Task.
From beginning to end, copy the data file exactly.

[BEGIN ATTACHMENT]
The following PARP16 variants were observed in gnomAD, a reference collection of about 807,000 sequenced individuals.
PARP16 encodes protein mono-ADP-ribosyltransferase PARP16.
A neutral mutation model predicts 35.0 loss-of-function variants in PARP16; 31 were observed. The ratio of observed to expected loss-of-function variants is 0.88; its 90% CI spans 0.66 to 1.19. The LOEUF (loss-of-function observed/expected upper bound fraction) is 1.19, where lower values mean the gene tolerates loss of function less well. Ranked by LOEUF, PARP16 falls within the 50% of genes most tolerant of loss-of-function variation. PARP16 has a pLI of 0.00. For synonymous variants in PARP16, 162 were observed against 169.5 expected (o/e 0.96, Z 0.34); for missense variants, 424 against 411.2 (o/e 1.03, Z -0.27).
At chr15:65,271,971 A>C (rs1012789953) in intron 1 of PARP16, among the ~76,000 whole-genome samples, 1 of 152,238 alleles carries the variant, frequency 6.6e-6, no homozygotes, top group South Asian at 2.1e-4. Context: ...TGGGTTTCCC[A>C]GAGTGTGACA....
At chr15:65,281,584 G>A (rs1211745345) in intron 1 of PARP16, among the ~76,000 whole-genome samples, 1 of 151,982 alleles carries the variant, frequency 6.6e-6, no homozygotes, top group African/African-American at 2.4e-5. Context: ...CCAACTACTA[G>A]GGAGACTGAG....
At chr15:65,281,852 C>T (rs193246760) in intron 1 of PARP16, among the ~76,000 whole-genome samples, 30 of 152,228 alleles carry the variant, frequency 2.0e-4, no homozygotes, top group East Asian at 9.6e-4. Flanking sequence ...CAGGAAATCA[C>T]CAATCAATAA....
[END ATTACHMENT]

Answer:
The following PARP16 variants were observed in gnomAD, a reference collection of about 807,000 sequenced individuals.
PARP16 encodes protein mono-ADP-ribosyltransferase PARP16.
A neutral mutation model predicts 35.0 loss-of-function variants in PARP16; 31 were observed. The ratio of observed to expected loss-of-function variants is 0.88; its 90% CI spans 0.66 to 1.19. The LOEUF (loss-of-function observed/expected upper bound fraction) is 1.19, where lower values mean the gene tolerates loss of function less well. Ranked by LOEUF, PARP16 falls within the 50% of genes most tolerant of loss-of-function variation. PARP16 has a pLI of 0.00. For synonymous variants in PARP16, 162 were observed against 169.5 expected (o/e 0.96, Z 0.34); for missense variants, 424 against 411.2 (o/e 1.03, Z -0.27).
At chr15:65,271,971 A>C (rs1012789953) in intron 1 of PARP16, among the ~76,000 whole-genome samples, 1 of 152,238 alleles carries the variant, frequency 6.6e-6, no homozygotes, top group South Asian at 2.1e-4. Context: ...TGGGTTTCCC[A>C]GAGTGTGACA....
At chr15:65,281,584 G>A (rs1211745345) in intron 1 of PARP16, among the ~76,000 whole-genome samples, 1 of 151,982 alleles carries the variant, frequency 6.6e-6, no homozygotes, top group African/African-American at 2.4e-5. Context: ...CCAACTACTA[G>A]GGAGACTGAG....
At chr15:65,281,852 C>T (rs193246760) in intron 1 of PARP16, among the ~76,000 whole-genome samples, 30 of 152,228 alleles carry the variant, frequency 2.0e-4, no homozygotes, top group East Asian at 9.6e-4. Flanking sequence ...CAGGAAATCA[C>T]CAATCAATAA....